It’s a stock (and niche ETF!) picker’s market


2023 was a great year for the stock market.

But it was an epic year for a handful of select stocks.

The “magnificent seven,” Amazon, Alphabet, Apple, Meta, Microsoft, Nvidia, and Tesla, soared 112% (equally weighting each). They outperformed both the SPDR S&P 500 ETF Trust (SPY), which is weighted by market cap, and the Invesco S&P 500 Equal Weight ETF (RSP), which weights each stock equally.

This illustrates the benefit of holding the right stocks, as you can see in the chart below. Concentration can lead to outperformance, if you get the big idea right. That’s easier said than done.

To get the big idea right, I believe you should invest in and around dominant changes, megatrends, or what I call themes. Get the most important themes right and you have a framework for understanding the world and how to invest in it. That framework will help you avoid second guessing, wondering if you’re in the right investments (and perhaps exiting at the wrong time). It will also help you avoid the wrong stocks.

For example, on November 3, I noted that global shipping company Maersk’s 10% jobs cut was predictable. My research team and I had been discussing a downturn in container shipping for months, due to reshoring and nearshoring. If more products are made in North America, fewer products will be shipped this way from China. This is a durable trend. Shippers are collateral damage.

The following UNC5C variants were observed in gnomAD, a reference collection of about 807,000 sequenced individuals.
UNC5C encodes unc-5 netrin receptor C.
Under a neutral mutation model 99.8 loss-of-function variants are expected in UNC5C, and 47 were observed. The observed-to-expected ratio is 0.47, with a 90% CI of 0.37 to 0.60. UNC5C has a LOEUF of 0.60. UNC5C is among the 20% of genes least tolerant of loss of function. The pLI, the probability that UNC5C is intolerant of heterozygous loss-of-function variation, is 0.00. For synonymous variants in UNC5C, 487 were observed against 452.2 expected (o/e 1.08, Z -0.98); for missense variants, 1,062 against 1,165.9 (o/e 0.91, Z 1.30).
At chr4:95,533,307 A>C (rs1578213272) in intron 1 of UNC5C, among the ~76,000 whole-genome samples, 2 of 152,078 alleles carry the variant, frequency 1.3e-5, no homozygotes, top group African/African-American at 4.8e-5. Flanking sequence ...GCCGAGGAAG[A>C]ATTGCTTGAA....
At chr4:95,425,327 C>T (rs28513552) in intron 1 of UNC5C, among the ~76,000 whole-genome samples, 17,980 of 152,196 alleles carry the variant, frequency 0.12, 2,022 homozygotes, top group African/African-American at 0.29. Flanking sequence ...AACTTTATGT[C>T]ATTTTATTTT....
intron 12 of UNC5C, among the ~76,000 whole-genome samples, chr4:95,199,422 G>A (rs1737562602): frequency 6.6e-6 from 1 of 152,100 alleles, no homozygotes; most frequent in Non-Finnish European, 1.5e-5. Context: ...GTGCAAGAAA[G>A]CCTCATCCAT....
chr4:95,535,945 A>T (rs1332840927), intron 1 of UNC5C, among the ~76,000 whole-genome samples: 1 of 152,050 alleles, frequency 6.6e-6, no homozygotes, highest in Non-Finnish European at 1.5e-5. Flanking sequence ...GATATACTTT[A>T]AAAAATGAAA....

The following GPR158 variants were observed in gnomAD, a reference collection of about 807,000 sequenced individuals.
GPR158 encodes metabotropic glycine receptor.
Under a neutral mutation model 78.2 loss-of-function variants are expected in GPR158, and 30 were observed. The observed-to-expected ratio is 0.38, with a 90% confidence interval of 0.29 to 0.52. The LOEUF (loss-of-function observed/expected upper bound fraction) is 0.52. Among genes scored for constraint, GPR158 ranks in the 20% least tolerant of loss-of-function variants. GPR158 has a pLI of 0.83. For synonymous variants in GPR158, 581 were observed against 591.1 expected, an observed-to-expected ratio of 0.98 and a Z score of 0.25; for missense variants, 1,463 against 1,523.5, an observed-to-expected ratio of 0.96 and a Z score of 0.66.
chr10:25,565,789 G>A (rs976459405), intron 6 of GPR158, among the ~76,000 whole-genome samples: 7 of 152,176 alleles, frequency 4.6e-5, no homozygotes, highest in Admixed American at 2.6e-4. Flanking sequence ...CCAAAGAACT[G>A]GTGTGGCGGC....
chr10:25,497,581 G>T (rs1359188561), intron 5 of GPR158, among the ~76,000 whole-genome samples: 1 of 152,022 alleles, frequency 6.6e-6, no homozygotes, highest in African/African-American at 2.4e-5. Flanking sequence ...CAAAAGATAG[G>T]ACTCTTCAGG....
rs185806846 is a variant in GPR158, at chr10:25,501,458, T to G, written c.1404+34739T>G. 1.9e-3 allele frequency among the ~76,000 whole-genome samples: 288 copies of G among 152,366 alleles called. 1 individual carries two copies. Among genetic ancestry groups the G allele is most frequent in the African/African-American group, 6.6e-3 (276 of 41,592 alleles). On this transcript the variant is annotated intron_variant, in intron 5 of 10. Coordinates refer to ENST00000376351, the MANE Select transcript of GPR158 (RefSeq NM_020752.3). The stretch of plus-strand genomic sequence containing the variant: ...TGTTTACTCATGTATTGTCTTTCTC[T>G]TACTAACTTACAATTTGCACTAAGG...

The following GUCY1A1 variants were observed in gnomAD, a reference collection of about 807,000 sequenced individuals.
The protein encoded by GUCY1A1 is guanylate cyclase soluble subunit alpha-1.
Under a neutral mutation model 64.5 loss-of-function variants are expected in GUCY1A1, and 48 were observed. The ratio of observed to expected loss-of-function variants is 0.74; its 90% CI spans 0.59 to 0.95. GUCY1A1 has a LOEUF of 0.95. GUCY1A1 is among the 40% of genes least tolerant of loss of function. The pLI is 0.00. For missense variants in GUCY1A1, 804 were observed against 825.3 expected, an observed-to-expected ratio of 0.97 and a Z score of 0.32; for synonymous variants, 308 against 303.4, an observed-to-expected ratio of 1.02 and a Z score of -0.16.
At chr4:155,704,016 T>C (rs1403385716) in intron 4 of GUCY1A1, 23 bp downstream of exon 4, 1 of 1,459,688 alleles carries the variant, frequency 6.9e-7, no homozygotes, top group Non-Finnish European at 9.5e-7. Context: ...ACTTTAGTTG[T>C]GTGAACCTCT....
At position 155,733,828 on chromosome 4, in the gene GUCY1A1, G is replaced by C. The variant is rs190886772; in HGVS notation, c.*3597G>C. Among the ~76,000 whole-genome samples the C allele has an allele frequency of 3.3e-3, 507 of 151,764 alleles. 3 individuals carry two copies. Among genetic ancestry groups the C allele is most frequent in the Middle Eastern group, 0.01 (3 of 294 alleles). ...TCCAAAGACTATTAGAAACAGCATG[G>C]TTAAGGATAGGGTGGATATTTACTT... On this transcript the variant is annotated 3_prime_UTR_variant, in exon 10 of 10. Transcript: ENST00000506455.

Source: @EdDAgostino

Oddly, one way to gain concentrated exposure to big trends is through niche ETFs. I say “oddly” because, while many people consider ETFs great diversification tools, oftentimes they are not.

Even well-known ETFs have a lot more single-stock concentration than you’d anticipate. Take a look at the next chart, which shows the heaviest-weighted stock within popular ETFs.

Did you know the Energy Select Sector SPDR Fund (XLE), which has 23 holdings, has a 22.68% weighting to Exxon Mobil Corp. (XOM)? That’s fine, as long as you want that level of concentration. But if for some reason you’re bullish on energy, yet bearish on Exxon, this ETF won’t serve your needs.

The Technology Select Sector SPDR Fund (XLK) is even more skewed. XLK has 64 holdings, but two stocks, Microsoft (MSFT) and Apple (AAPL), comprise 44% of it.

Moving forward, I believe niche ETFs (much more narrowly focused than the ones above), along with individual stocks set to benefit from dominant themes, will outperform both the market and broad-based ETFs, especially when you take volatility into account.

There’s an ETF for almost any idea you can think of. Are you bullish on Polish stocks? Check out the iShares MSCI Poland ETF (EPOL). Bullish on Singapore? Check out the iShares MSCI Singapore ETF (EWS). How about robotics and automation? Look into the Robo Global Robotics and Automation Index ETF (ROBO). Note: These are not recommendations, just examples.

I like niche ETFs, but they have an important similarity to individual stocks. You need to know what you’re buying. Take a look under the hood.

It’s a stock (and niche ETF!) picker’s market, driven by macro trends. To invest accordingly, you’ll need rigorous “top-down” research (getting the themes right) combined with “bottom-up” equity analysis (smart stock picking).

That’s what I’ve been working on with an elite group within Mauldin Economics for over a year. I look forward to sharing more about our efforts and how we view the markets in 2024. I’ll have all the details for you on Wednesday. I hope you’ll join me.

Best regards,


Ed D’Agostino
Publisher & COO


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